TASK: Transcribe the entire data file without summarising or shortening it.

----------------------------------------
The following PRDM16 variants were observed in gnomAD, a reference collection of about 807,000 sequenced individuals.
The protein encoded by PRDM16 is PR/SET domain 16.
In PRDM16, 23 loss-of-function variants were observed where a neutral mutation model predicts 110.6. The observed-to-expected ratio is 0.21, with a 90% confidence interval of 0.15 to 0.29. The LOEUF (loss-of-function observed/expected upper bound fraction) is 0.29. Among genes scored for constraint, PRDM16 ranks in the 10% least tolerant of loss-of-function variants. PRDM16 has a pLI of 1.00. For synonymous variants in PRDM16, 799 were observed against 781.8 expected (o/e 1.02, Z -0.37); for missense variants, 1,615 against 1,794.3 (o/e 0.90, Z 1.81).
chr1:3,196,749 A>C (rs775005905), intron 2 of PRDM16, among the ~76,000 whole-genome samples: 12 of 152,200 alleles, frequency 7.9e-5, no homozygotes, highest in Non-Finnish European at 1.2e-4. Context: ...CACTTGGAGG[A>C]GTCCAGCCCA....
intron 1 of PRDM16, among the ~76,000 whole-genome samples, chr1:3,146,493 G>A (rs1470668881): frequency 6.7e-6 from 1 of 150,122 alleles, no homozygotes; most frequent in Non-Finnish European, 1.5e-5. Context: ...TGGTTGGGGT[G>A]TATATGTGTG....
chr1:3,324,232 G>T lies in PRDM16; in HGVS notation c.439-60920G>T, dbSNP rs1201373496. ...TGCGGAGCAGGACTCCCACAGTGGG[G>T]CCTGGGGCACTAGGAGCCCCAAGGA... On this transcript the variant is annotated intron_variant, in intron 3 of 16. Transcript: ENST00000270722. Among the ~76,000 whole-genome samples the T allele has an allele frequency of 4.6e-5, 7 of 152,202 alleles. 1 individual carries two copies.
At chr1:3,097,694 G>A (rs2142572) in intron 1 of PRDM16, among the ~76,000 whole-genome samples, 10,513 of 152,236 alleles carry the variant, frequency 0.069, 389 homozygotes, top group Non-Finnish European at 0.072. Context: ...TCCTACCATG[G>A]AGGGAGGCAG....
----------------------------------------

The following PRDM16 variants were observed in gnomAD, a reference collection of about 807,000 sequenced individuals.
The protein encoded by PRDM16 is PR/SET domain 16.
In PRDM16, 23 loss-of-function variants were observed where a neutral mutation model predicts 110.6. The observed-to-expected ratio is 0.21, with a 90% confidence interval of 0.15 to 0.29. The LOEUF (loss-of-function observed/expected upper bound fraction) is 0.29. Among genes scored for constraint, PRDM16 ranks in the 10% least tolerant of loss-of-function variants. PRDM16 has a pLI of 1.00. For synonymous variants in PRDM16, 799 were observed against 781.8 expected (o/e 1.02, Z -0.37); for missense variants, 1,615 against 1,794.3 (o/e 0.90, Z 1.81).
chr1:3,196,749 A>C (rs775005905), intron 2 of PRDM16, among the ~76,000 whole-genome samples: 12 of 152,200 alleles, frequency 7.9e-5, no homozygotes, highest in Non-Finnish European at 1.2e-4. Context: ...CACTTGGAGG[A>C]GTCCAGCCCA....
intron 1 of PRDM16, among the ~76,000 whole-genome samples, chr1:3,146,493 G>A (rs1470668881): frequency 6.7e-6 from 1 of 150,122 alleles, no homozygotes; most frequent in Non-Finnish European, 1.5e-5. Context: ...TGGTTGGGGT[G>A]TATATGTGTG....
chr1:3,324,232 G>T lies in PRDM16; in HGVS notation c.439-60920G>T, dbSNP rs1201373496. ...TGCGGAGCAGGACTCCCACAGTGGG[G>T]CCTGGGGCACTAGGAGCCCCAAGGA... On this transcript the variant is annotated intron_variant, in intron 3 of 16. Transcript: ENST00000270722. Among the ~76,000 whole-genome samples the T allele has an allele frequency of 4.6e-5, 7 of 152,202 alleles. 1 individual carries two copies.
At chr1:3,097,694 G>A (rs2142572) in intron 1 of PRDM16, among the ~76,000 whole-genome samples, 10,513 of 152,236 alleles carry the variant, frequency 0.069, 389 homozygotes, top group Non-Finnish European at 0.072. Context: ...TCCTACCATG[G>A]AGGGAGGCAG....